Recently a member on a pagan forum I visit asked if we knew of any coming of age novels about pagan families. Specifically, they were looking for a book where the paganism aspect was in the background, much like the religion of Christian, Jewish and even Muslim characters is treated in many books.
To give an example, a typical character in a mainstream YA novel might wear a cross or go to church somewhere along the story line and readers would barely notice it. They’d be more interested in what happened AT church and the interactions with anyone there, than the fact that Suzy was going there in the first place.
Here are a few reasons I don’t think we’ll be seeing Mainstream Pagan YA anytime soon:
Pagans Are Focused on Our Religion
For most of us who are pagan, our faith is a huge part of what we are. Most of us chose our paths rather than being born into it. Therefore we’re pretty much invested in and focused on it. Many of us have had challenges with family, friends and co-workers because of our religion.
It’s an important part of our lives. Because a pagan viewpoint character will be focused on their path, much of the focus of a book about a pagan character will be on religion–and not as a background item. That goes even when their religion is not the main point of the plot.
Even Pagan Kids Are Religion Focused
Although more parents are raising their children pagan, it’s still a relative rarity. Because their birth religion makes them “different” it will be heavily on their radar. In Dark Moon Gates, Willa’s family is in the broom closet to all but a few friends, family and coven members. Because of a problem in the past, her mom is paranoid that someone will find out that they’re witches. Willa can’t wear a pentacle to school. She keeps her altar hidden in a cabinet so that visitors won’t see it. Her sister is cautioned on how to behave when she visits Christian friends, and isn’t allowed to bring Tarot cards to school.
If their local community is pagan supportive it will still be a big part of their lives. My younger nieces participate in drum circles, rituals and other events for the local pagan children on a regular basis.
Unless their parents have purposefully decided not to teach them religion, their parent’s focus will filter down to them, as they’ll be raised with celebrations of the Wheel of the Year or other festivals. The same way that any strongly religious family of most faiths (as opposed to the Sunday-religious) will make opportunities for their children to receive religious teachings.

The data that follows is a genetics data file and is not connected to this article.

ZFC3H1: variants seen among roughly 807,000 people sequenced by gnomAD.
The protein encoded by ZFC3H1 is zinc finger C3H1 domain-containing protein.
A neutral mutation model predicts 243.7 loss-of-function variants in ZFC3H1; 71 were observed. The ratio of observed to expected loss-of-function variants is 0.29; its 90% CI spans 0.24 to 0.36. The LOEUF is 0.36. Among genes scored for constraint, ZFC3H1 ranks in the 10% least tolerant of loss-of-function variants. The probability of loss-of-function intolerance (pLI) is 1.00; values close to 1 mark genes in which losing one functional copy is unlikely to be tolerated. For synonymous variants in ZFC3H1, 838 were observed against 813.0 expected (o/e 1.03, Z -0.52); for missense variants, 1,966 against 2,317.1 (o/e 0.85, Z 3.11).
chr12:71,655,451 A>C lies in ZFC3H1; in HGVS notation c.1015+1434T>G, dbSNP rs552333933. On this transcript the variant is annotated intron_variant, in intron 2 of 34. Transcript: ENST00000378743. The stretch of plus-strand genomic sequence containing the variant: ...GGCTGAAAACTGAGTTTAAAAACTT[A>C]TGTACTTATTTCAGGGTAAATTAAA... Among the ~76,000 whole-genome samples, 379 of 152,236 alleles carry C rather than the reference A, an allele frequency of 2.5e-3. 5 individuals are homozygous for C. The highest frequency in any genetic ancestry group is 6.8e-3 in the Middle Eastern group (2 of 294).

Writers are Conflict Junkies
Face it, we writers thrive on getting our characters in trouble. Good plot is full of conflict. Few writers are going to pass up the opportunity to get their characters in hot water. Putting a pagan character in the midst of non-pagan ones is bound to create conflict somewhere. And it should. Otherwise the writer isn’t doing their job.
There may well be a day when paganism is so normal that being Wiccan or Asatru or Voudoun or what-have-you won’t be something to remark on. That day isn’t yet.
Props Tell Us About People
There’s an old adage that if a gun is introduced in Chapter 1 it should go off in Chapter 3. If something isn’t important to the plot or the character, the writer should probably edit it out.
Here’s an example:
Jason leaned against the hood of his Maserati, idly picking the dirt from under his broken fingernails, as he waited for Doris to finish her shopping.
Right there we’ve said something about the character, and possibly brought up a few questions.
First, Jason has a Maserati. That’s a car that even used, goes for at least $50-100,000. Since he’s waiting in what is probably a public space and his manner is casual, we’re going to assume that he didn’t steal the car.
Now the fact that his fingernails are broken and he’s picking dirt from them comes into play. Rich, successful people don’t tend to run around with ragged nails and dirt under their fingernails. The fact that he’s doing it “idly” raises another question. If his nails were ragged because he spent the past few hours digging a secret grave to bury his ex-business partner, there wouldn’t be any idleness about his actions. He would have raced to get himself cleaned up. So who is this Jason, why are his nails broken and dirty, and most of all, why doesn’t he seem concerned?
So let’s say we have Kalietta running around in her “What Would Thor Do?” t-shirt with her neck and ears dripping pentacles. The reader is going to make some big assumptions here. Mainstream readers are going to make some very different assumptions than the average pagan reader might. At the very least they’ll label her a misfit. They may even (depending on how extreme their own beliefs are) decide she’s the bad guy.
What most readers would probably not see is that the character is basically “normal” other than the usual quirks that any character should have to make them interesting.
I write fantasy, so the fact that my characters are witches is a main plot point. They use their magick to advance the plot and in the final scenes. If I wrote mainstream coming of age/YA novels, I probably wouldn’t bring the subject up at all. It’s far too distracting, and the last thing I’d want to do is alienate a potential reader because my character “just happened” to be pagan.
Now there MAY be books out there where Kalietta wears a pentacle that is never remarked on, and casts spells in the gym with nobody really noticing or caring, but if so they’re few and far between. If you know of one, please do let me know.